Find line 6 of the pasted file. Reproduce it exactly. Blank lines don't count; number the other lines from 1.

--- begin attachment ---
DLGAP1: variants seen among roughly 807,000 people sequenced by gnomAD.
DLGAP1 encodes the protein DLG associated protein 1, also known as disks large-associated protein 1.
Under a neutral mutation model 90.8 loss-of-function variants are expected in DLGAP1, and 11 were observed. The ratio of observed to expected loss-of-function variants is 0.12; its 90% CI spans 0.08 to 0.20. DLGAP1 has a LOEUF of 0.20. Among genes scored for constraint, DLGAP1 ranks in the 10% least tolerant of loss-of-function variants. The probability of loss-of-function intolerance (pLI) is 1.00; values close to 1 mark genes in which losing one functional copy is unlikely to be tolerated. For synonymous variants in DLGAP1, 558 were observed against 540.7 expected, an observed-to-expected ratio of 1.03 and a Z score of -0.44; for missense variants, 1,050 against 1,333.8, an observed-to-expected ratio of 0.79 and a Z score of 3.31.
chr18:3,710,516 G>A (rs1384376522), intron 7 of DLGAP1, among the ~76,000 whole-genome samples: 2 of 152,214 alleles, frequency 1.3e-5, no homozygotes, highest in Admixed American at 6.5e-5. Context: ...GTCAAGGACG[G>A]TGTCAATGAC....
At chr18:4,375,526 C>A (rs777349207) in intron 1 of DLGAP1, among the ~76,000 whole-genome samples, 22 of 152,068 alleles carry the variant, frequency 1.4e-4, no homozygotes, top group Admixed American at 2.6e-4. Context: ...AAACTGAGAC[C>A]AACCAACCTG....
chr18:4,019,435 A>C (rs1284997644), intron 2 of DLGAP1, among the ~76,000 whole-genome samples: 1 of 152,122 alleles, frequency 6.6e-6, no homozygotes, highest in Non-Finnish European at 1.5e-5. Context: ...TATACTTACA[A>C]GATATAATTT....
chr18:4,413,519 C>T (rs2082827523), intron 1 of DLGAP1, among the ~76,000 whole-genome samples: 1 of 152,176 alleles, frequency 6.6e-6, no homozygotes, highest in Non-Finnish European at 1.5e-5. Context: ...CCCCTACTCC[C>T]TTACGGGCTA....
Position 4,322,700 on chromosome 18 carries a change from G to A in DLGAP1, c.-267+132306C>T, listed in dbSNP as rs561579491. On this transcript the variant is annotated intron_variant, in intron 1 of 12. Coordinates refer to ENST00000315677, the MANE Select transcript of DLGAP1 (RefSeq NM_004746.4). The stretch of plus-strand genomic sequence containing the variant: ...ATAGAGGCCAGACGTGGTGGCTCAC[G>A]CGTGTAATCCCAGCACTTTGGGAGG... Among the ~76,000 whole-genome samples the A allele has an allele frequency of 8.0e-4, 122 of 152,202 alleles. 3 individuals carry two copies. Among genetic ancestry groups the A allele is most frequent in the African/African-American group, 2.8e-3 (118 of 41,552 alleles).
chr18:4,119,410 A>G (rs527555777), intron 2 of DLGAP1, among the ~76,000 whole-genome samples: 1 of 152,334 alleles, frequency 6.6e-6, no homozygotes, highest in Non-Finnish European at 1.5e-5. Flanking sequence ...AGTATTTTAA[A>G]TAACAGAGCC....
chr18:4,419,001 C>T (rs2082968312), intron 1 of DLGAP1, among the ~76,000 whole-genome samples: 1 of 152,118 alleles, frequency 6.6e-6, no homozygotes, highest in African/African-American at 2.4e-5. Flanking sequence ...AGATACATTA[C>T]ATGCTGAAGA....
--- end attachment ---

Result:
chr18:4,019,435 A>C (rs1284997644), intron 2 of DLGAP1, among the ~76,000 whole-genome samples: 1 of 152,122 alleles, frequency 6.6e-6, no homozygotes, highest in Non-Finnish European at 1.5e-5. Context: ...TATACTTACA[A>C]GATATAATTT....